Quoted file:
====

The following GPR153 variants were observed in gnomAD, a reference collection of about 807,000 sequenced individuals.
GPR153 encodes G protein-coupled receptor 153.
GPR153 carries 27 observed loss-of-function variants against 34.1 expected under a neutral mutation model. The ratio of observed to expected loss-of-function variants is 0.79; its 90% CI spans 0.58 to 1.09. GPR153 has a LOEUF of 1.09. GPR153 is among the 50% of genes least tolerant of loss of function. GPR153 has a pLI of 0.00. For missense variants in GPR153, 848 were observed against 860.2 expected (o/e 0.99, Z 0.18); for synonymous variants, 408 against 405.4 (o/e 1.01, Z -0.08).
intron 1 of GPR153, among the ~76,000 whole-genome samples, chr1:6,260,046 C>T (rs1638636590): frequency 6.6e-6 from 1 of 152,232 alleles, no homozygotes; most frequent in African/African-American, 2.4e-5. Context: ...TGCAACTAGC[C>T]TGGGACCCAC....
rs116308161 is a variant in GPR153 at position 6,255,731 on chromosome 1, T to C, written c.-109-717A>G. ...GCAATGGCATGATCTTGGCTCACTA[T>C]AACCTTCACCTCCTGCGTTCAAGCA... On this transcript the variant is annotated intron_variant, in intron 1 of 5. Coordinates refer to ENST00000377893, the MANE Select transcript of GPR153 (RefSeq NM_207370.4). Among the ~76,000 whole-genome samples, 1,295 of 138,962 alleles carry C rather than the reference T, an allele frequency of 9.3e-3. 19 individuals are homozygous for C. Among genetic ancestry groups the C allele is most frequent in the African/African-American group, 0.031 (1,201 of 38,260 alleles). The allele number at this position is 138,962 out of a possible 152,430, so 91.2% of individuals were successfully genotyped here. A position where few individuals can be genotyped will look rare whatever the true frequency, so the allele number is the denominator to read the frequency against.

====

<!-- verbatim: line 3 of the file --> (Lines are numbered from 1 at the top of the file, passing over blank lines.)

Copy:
GPR153 carries 27 observed loss-of-function variants against 34.1 expected under a neutral mutation model. The ratio of observed to expected loss-of-function variants is 0.79; its 90% CI spans 0.58 to 1.09. GPR153 has a LOEUF of 1.09. GPR153 is among the 50% of genes least tolerant of loss of function. GPR153 has a pLI of 0.00. For missense variants in GPR153, 848 were observed against 860.2 expected (o/e 0.99, Z 0.18); for synonymous variants, 408 against 405.4 (o/e 1.01, Z -0.08).